Mozambique: Mario Raffaelli Joins Search for Peace

Maputo – Former Italian diplomat Mario Raffaelli, who, as the representative of the Italian government, headed the group of four mediators in the negotiations in Rome that culminated in the 1992 peace agreement between the Mozambican government and the Renamo rebels, has returned to Mozambique, and is once more seeking to restore peace.

Raffaelli met in Maputo on Wednesday with President Filipe Nyusi, and he intends to fly to the central province of Sofala for a meeting with Renamo leader Afonso Dhlakama at his bush camp somewhere in Gorongosa district.

“This meeting seeks to find paths to peace”, Manuel Mazuze, advisor to Nyusi on diplomatic and international matters, told reporters. “Mario Raffaelli came on this mission to speak to the parties involved, and today he met with the President of the Republic. We believe that he will also speak with the Renamo leadership”.

Asked whether Raffaelli has come to Mozambique at the government’s invitation, Mazuze replied that “he is a friend of the Mozambican people, and so it is normal that he should feel obliged to help the country restore peace”.

Nyusi has repeatedly invited Dhlakama to attend a face-to-face meeting to discuss establishing a lasting peace, and Dhlakama has repeatedly turned the invitations down. Whereas Nyusi has called for a dialogue with no pre-conditions, Dhlakama has insisted on the presence of international mediators – namely the Catholic Church, the European Union and South African President Jacob Zuma.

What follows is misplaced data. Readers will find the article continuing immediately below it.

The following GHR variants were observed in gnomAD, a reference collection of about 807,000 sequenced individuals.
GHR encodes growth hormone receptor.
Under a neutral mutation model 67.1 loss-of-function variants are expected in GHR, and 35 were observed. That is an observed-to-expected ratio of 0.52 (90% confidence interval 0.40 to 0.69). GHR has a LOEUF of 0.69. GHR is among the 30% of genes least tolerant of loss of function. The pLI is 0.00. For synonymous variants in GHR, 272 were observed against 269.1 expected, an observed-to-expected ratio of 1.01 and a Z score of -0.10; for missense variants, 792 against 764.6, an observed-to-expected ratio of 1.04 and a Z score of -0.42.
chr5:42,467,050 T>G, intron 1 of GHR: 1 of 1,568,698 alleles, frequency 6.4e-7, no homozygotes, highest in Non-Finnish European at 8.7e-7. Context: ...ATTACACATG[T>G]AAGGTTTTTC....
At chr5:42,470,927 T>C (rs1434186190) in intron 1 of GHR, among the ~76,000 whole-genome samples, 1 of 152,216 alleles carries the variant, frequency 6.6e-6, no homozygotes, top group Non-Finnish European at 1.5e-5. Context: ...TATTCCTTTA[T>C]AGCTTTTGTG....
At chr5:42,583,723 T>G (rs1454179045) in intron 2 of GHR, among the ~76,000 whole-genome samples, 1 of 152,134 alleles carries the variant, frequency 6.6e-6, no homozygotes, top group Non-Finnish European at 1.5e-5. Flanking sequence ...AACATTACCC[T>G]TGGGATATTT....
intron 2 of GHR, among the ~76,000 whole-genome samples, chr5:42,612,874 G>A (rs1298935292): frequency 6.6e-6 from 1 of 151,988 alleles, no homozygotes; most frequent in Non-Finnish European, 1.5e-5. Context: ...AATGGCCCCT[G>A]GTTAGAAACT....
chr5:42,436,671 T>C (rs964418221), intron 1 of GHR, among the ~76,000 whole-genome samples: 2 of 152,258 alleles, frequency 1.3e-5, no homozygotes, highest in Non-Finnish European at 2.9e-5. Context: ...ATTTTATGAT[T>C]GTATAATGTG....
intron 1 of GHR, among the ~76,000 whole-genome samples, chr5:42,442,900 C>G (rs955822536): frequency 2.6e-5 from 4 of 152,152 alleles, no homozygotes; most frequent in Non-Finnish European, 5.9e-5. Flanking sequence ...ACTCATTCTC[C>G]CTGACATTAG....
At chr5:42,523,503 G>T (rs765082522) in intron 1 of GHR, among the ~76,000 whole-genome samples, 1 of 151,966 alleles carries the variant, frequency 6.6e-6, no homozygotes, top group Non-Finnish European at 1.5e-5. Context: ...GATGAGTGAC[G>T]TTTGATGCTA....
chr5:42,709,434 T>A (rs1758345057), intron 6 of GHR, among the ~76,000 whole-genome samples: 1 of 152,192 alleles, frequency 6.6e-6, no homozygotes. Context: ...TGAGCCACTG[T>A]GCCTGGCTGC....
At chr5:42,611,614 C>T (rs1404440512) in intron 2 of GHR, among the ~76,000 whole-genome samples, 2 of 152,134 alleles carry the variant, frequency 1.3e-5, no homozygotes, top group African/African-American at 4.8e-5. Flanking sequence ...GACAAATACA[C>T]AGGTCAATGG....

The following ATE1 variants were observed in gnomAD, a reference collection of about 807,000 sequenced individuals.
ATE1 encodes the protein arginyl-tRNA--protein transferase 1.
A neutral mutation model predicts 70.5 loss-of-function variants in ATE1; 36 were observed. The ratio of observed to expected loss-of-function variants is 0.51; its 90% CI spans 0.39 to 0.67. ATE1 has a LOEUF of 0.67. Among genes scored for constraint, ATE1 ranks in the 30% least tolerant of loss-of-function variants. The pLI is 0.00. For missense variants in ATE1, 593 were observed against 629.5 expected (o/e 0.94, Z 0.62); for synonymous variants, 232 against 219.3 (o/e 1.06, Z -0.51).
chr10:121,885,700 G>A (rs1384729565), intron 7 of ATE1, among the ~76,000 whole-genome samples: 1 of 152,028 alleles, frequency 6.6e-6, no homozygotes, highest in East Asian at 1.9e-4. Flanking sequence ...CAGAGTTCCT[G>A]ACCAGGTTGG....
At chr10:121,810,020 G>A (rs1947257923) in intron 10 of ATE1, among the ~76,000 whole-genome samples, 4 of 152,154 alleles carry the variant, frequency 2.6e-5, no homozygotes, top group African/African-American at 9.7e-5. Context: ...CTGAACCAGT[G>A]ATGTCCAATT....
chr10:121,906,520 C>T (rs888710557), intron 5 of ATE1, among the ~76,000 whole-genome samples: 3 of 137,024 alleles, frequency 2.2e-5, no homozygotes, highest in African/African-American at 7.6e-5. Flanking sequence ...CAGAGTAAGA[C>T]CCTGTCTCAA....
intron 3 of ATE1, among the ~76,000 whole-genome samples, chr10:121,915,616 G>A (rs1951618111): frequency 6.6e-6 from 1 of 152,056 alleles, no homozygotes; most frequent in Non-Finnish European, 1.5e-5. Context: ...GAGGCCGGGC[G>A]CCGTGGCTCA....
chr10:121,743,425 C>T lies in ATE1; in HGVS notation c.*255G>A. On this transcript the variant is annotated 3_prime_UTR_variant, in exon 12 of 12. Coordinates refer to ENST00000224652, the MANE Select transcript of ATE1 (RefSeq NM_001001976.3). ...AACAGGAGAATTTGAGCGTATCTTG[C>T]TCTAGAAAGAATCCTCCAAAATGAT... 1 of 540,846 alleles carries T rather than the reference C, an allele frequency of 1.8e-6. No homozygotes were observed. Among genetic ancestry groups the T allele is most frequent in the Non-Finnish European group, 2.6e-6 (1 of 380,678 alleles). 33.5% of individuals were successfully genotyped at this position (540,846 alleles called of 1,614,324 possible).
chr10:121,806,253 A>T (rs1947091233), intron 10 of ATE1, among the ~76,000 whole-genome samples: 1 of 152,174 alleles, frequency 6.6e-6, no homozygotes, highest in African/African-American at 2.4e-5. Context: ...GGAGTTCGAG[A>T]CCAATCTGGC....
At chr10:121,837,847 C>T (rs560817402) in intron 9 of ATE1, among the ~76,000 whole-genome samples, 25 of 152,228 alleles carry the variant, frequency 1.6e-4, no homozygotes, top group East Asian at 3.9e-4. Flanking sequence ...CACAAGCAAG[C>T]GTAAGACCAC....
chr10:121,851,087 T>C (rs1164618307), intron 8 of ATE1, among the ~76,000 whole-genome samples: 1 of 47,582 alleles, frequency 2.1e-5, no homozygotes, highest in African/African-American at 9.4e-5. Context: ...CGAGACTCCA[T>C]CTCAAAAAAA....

Dhlakama is also threatening to seize power in six northern and central provinces (Manica, Sofala, Tete, Zambezia, Nampula and Niassa), though it is hard to imagine how he can meet his self-imposed deadline of 31 March for this coup.

Renamo has reverted to its military option, with sporadic ambushes against vehicles on the main roads in central Mozambique since mid-February. According to Inacio Dina, spokesperson for the General Command of the police, last week there were eight Renamo attacks against civilian and military targets in Sofala, Manica and Zambezia, which resulted in three deaths. A further 23 people were injured.

Source: All Africa